I stopped texting, and called him right then. “Yeah,” he said. “They get safrole oil from a tree in the jungle. Distill it, do some chemistry to it—you end up with Molly. You could write a book about that.”

I wasn’t searching for ideas at the time. I was already in the middle of writing a second novel. It had nothing to do with MDMA or Cambodia. But I found myself thinking about what he said now and again.

A few weeks later, I drove down to New York to meet my editor for the first time. We ate lunch in what felt like a very glamorous Manhattan restaurant. Midway through the meal, he asked if I had any ideas for the second book.

“I’ve been working on this thing that takes place in a prison in California,” I said. “It’s about this character who gets caught between these two rival factions of the Aryan Brotherhood and . . . ”

A look passed over his face; it made me trail off mid-sentence. It wasn’t the kind of look you want to see when you are talking about a new novel. It was just a micro-gesture, but it showed concern. I wanted to explain that I didn’t set out to write about the Aryan Brotherhood. My only thought at the outset had been to set the book in prison. I couldn’t help it if my main character happened to fall in with the wrong crowd.

“Do you have any other ideas?” He asked.

I licked my lips. “Well–” I said, leaning forward across the table… “a friend just told me that the drug Molly comes from a tree in Cambodia. I was thinking of doing a story about the people who harvest the chemical over there, and maybe, track the people who move the drugs from Southeast Asia, to the US—maybe some Israelis, or something—and then you have the people in San Francisco that sell it.” The words came out of my mouth easily. A mixture of thought and improvisation.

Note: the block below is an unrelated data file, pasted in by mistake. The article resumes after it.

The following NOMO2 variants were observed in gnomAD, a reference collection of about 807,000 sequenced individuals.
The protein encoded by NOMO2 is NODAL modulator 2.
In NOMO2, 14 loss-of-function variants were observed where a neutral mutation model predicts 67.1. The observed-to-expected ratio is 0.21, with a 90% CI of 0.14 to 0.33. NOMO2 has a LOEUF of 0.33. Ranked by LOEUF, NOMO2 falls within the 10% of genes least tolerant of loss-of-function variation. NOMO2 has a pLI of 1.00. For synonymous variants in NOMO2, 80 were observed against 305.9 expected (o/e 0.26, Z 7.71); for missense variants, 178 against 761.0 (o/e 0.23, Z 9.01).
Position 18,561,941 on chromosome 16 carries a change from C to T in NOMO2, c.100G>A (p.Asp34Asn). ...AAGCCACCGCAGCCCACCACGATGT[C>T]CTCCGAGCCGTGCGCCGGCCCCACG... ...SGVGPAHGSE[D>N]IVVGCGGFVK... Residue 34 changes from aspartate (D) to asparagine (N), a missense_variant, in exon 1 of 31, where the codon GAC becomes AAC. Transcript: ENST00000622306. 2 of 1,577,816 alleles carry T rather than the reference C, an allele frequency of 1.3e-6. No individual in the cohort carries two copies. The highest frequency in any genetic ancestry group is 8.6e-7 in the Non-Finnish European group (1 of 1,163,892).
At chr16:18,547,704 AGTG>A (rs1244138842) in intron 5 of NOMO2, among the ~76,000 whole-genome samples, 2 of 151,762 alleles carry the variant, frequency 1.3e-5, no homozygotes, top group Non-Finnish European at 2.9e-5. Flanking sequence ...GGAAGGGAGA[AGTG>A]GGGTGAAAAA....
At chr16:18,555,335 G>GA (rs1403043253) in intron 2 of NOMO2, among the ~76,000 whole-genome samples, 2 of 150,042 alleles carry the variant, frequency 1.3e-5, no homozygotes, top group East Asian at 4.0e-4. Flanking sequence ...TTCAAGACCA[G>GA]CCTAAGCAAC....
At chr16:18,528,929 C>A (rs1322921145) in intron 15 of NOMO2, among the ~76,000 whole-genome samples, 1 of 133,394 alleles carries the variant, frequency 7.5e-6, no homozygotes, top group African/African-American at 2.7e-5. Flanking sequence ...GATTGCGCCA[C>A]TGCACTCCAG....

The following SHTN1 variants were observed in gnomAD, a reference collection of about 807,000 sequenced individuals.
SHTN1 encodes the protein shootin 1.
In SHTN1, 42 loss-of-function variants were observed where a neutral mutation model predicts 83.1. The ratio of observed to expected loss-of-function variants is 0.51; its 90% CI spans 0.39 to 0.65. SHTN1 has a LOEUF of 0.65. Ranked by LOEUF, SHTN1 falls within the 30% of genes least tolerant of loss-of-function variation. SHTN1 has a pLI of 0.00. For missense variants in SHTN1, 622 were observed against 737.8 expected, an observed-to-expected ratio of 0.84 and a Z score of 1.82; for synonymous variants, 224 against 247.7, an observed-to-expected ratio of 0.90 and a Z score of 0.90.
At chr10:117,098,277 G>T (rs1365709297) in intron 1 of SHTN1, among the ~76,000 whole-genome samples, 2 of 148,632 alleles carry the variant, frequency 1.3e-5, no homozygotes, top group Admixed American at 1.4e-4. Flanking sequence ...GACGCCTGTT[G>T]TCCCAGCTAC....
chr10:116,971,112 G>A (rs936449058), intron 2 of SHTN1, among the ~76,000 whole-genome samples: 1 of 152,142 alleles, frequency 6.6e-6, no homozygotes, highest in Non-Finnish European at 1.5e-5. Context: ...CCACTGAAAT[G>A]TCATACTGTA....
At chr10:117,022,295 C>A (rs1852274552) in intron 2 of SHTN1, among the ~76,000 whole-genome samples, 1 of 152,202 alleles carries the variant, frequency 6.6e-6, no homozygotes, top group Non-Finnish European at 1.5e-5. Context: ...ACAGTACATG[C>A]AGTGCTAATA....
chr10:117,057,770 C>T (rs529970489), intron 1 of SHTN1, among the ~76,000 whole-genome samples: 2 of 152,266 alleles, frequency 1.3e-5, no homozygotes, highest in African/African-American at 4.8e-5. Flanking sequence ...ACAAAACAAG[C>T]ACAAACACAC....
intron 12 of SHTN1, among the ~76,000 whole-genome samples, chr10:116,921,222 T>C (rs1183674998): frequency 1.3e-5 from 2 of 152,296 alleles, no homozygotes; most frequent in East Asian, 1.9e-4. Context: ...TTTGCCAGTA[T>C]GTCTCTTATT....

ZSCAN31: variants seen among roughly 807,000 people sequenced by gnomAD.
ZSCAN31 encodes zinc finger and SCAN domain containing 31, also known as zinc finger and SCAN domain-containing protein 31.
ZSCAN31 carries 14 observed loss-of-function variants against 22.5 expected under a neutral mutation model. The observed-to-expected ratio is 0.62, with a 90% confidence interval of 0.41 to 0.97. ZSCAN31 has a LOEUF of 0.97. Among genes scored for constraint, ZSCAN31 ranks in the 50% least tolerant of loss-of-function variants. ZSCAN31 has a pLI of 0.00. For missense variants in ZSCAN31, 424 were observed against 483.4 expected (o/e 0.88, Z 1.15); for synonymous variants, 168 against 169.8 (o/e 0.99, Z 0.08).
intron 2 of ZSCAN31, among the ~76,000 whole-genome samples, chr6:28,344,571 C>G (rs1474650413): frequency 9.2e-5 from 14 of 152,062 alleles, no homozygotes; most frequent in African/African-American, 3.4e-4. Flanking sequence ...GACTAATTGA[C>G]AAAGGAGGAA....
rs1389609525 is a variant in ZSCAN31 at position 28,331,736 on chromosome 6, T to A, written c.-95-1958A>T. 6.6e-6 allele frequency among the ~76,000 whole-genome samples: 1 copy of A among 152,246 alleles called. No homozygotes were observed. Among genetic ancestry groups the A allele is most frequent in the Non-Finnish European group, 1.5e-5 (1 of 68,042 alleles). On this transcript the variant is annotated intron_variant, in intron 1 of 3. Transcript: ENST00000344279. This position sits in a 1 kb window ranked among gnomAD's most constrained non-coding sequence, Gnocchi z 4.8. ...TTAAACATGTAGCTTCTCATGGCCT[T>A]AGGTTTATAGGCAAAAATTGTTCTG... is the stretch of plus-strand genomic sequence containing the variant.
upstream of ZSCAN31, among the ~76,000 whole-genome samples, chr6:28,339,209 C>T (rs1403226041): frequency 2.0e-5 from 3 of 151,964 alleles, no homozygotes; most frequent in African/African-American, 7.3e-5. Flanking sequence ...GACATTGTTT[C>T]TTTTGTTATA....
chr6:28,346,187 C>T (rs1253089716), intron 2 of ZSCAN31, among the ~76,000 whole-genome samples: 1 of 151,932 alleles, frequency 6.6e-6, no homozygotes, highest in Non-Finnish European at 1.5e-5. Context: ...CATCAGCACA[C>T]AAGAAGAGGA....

The editor’s face softened. He said, “You can write whatever you want. I’m not going to insist on anything. But I think you should do the second one.” He pointed at me, nodded his head. I found myself nodding, too. Read More...


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I found no grail. But I did discover the modern tradition. Because modernity is not a poetic school but a lineage, a family dispersed over several continents and which for two centuries has survived many sudden changes and misfortunes: public indifference, isolation, and tribunals in the name of religious, political, academic and sexual orthodoxy. Being a tradition and not a doctrine, it has been able to persist and to change at the same time. This is also why it is so diverse. Each poetic adventure is distinct, and each poet has sown a different plant in the miraculous forest of speaking trees. Yet if the poems are different and each path distinct, what is it that unites these poets? Not an aesthetic but a search.

– Octavio Paz